Nov 17, 2008 News
The Guyana National Bureau of Standards (GNBS), in collaboration with the CARICOM Regional Organisation for Standards and Quality (CROSQ), on Thursday last held a workshop at Hotel Tower on ‘standards and the drinking water industry.’
The workshop was in keeping with the Inter-American Development Bank’s promotion of small and medium enterprise (SME) competitiveness, through regional standards.
Executive Director of GNBS, Dr. Chatterpaul Ramcharran, in delivering brief remarks, urged water producers to comply with standards of the industry.
He also stressed that there is great need for the introduction of standardization in the water sector.
According to Dr Ramcharran, the industry needs to have the standards established, or revised if they are already there, and these standards need to be promoted in the sector.
“You need to have these standards implemented…you need to have the enforcement when it comes to that, so that the quality of the water coming out of these processing plants will comply with those standards.”
He noted that when he interacted with the water producers, he found that many of them were not aware that Guyana has a national standard for drinking water.
“The Guyana Standards consultation is what deals with the public water supply system, but the one that would relate to you is the one dealing with specifications for packaged water, this is the CARICOM Regional Organization for Standards and Quality (CROSQ).”
This standard, Ramcharran added, was prepared by the CROSQ and was adopted by the Bureau of Standards in Guyana. It has become the national standard.
According to him, it is a comprehensive standard dealing with different aspects of mineral water and purified water. It deals with packaging, labelling, and methodologies.
Ramcharran suggested that, in streamlining the sector and promoting standardization, there are a few things that should be done, including registration. All operations will need to be registered with the Food and Drugs Department (FDD), and then the FDD will work with the companies accordingly to deal with the standards and the various requirements that must be obtained. “Your product must be licenced. Before bottled water/ packaged water is marketed, you must obtain a licence from the FDD…you must obtain a copy of the standard, and familiarize yourself with it.”
Ramcharran also suggested that the National Authority holds a review meeting with all the operators to discuss the standards, parameters and specifications, with the view of mobilizing these standards.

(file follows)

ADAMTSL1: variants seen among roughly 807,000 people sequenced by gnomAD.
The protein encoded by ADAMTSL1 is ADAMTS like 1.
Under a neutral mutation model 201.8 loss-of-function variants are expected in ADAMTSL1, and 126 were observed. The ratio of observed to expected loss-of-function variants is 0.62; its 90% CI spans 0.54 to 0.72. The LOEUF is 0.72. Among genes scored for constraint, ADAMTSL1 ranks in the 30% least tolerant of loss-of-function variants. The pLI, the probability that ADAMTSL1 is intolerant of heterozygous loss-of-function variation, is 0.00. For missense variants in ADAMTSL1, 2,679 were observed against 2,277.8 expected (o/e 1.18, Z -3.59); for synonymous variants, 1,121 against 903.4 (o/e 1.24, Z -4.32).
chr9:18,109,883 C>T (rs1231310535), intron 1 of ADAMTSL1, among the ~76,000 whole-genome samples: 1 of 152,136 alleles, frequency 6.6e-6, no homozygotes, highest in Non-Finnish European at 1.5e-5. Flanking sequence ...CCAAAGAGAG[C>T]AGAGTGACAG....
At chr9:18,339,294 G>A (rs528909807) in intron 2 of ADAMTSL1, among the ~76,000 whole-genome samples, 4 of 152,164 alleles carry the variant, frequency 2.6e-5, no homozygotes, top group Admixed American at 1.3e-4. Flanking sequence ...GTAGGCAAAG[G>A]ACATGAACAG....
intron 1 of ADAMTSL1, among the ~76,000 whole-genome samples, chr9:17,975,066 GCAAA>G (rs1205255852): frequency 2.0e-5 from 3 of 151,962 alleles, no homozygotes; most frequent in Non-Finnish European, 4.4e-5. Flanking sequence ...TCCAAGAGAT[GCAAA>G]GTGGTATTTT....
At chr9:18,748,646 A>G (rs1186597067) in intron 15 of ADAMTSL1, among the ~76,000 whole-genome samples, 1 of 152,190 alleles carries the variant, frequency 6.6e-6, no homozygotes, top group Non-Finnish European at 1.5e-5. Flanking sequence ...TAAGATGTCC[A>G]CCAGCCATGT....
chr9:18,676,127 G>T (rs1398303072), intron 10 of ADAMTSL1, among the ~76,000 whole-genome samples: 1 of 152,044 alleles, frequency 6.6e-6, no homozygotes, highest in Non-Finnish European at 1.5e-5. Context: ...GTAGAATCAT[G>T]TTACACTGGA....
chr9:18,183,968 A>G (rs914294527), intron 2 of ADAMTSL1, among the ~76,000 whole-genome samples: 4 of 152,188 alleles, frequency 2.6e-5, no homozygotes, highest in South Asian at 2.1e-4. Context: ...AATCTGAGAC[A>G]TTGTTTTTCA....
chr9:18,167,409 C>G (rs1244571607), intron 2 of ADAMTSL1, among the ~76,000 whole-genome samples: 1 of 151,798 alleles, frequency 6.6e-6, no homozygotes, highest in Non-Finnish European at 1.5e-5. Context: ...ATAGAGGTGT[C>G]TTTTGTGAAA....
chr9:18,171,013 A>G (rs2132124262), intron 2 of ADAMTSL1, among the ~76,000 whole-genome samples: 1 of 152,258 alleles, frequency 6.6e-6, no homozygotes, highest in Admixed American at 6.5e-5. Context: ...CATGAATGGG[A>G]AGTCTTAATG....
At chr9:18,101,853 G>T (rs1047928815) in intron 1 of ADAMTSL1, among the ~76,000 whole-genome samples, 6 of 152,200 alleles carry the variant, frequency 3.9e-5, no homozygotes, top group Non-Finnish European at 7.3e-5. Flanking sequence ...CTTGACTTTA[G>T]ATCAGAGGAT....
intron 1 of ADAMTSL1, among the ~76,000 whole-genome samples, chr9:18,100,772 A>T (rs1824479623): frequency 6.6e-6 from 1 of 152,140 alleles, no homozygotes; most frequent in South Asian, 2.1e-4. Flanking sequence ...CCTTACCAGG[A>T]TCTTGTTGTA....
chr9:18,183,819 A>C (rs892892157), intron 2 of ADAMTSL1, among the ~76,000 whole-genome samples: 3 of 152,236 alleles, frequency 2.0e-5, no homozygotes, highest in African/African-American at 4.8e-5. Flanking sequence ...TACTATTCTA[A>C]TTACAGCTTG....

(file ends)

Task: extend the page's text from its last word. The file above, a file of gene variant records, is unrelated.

“I would suggest that you look at setting up a basic testing system in your operation. It is very important…you need to monitor the quality of water among your processing lines, and you need to do the basic testing. I would encourage you to vie for the National Standards Mark. If you can comply with the standards, and you can obtain the permit to use the standards mark on your product, this would be a good asset to your product.”
Ramcharran noted that the idea came up for the operators to form an association so that they can have uniformity and can work together in a cluster towards compliance with the standards.
“If you work together harmoniously and intimately, we can achieve this target very easily, and we can have a water sector which complies with the various standards and which carries the certification in Guyana…quality water that can be compared with any international or regional standard.”
Recently, Minister of Tourism, Industry and Commerce, Manniram Prashad, met with representatives of water selling businesses in light of concerns about the quality expressed by consumers.
After the meeting at the South Road, Georgetown ministry, the stakeholders committed to register with the Ministry of Health’s Food and Drugs Department (FDD) within a week, the minister reported.
Deputy Director of the Food and Drugs Department, Khame Sharma, said that since the meeting with the minister, where all water producers were called upon to register with the FDD, persons have been updating their registration.
The Inter-American Development Bank’s project seeks to improve the competitiveness of small and medium size businesses by enabling them to have greater opportunities to trade goods and services at the regional and international levels.
Once specific demands for standards are detected, the project will support the development of national technical standards and harmonization at a regional level.
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